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Friday, December 9, 2016

U.S. Stocks Rise As ADP Report Shows Job Pickup In March

U.S. Stocks Rise As ADP Report Shows Job Pickup In March

New York (AFP) – U.S. stocks Wednesday rose in early trade after a report showed a pickup in job creation in the private sector in March.

About 40 minutes into trade, the Dow Jones Industrial Average gained 19.94 (0.12 percent) to 16,552.55.

The broad-based S&P 500 tacked on 2.21 (0.12 percent) to 1,887.73, while the tech-rich Nasdaq Composite Index advanced 6.98 (0.16 percent) to 4,275.02.

Payrolls firm ADP said U.S. businesses added 191,000 jobs in March, below the 215,000 projected by analysts but an improvement on the 178,000 in February.

It solidified expectations of an improvement in the Labor Department’s March employment report for both the public and private sectors. Analysts forecast Friday’s report to show the U.S. added 195,000 jobs last month, picking up the pace of job growth from 175,000 in February.

California utility PG&E advanced 1.5 percent even as federal prosecutors announced a criminal indictment against the firm over a fatal 2010 gas pipeline explosion. PG&E said the charges have “no merit.”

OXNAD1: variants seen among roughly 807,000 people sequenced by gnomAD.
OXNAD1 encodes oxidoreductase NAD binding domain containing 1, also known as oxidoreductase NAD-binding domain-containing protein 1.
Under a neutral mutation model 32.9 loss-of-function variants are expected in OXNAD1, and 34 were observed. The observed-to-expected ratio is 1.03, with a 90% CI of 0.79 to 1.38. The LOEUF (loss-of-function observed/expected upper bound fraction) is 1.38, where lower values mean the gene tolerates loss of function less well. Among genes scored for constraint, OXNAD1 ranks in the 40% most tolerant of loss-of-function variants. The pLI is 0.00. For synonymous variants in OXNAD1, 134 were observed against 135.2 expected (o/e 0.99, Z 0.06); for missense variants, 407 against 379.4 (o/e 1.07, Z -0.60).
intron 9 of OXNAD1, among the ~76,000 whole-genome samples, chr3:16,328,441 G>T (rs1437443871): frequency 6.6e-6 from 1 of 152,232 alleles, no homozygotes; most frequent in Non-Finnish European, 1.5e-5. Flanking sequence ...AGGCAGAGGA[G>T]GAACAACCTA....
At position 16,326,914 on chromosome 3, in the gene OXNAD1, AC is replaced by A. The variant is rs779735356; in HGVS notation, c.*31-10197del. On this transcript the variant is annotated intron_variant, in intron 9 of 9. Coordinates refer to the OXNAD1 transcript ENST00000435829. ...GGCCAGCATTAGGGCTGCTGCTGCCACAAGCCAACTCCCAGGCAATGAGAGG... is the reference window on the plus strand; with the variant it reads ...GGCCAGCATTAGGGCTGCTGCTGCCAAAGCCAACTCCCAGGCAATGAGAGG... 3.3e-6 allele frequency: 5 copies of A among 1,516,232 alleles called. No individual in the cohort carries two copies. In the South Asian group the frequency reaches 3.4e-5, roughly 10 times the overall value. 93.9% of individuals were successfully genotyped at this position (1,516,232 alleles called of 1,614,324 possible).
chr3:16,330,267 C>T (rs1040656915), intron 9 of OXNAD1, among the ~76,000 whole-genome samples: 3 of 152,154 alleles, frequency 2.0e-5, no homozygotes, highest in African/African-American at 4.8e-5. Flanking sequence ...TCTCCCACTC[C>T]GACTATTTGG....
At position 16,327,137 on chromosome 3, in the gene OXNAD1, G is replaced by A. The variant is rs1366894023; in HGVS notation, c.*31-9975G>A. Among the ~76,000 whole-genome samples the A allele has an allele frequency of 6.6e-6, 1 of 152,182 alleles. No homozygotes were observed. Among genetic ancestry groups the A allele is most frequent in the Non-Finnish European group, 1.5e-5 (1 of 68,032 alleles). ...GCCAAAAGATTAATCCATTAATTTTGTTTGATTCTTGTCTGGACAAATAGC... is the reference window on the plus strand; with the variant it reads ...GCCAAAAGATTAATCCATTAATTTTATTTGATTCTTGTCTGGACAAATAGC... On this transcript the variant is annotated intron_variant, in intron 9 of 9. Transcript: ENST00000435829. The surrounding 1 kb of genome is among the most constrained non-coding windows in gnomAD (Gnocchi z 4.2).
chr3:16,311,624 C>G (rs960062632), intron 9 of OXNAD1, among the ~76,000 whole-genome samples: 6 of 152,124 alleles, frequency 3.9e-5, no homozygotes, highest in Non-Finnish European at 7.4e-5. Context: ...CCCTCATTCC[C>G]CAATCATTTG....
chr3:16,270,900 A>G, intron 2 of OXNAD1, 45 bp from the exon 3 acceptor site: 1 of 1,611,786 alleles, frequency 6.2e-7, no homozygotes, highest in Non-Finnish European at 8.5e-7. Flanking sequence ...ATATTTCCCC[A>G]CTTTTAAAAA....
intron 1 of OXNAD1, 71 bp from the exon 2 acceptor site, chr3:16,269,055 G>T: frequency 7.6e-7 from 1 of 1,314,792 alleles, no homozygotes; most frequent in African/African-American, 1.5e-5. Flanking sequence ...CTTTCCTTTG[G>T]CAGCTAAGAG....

General Motors tacked on 0.6 percent as chief executive Mary Barra faced a second day of hearings on the car giant’s recall of millions of vehicles due to safety problems.

Agricultural company Monsanto reported earnings of $3.15 per share, above the $3.07 projected by analysts. Shares gained 0.2 percent.

Pharmaceutical company MannKind powered 81.3 percent higher on news that a Food and Drug Administration advisory panel recommended marketing approval for its Afrezza diabetes therapy.

News that the Centers for Medicare and Medicaid Services would cut prices for genetic testing analysis provided by Myriad Genetics by less than expected lifted shares 12.8 percent higher.

Bond prices fell. The yield on the 10-year U.S. Treasury rose to 2.79 percent from 2.76 percent Tuesday, while the 30-year increased to 3.64 percent from 3.60 percent. Bond prices and yields move inversely.

AFP Photo/Andrew Burton

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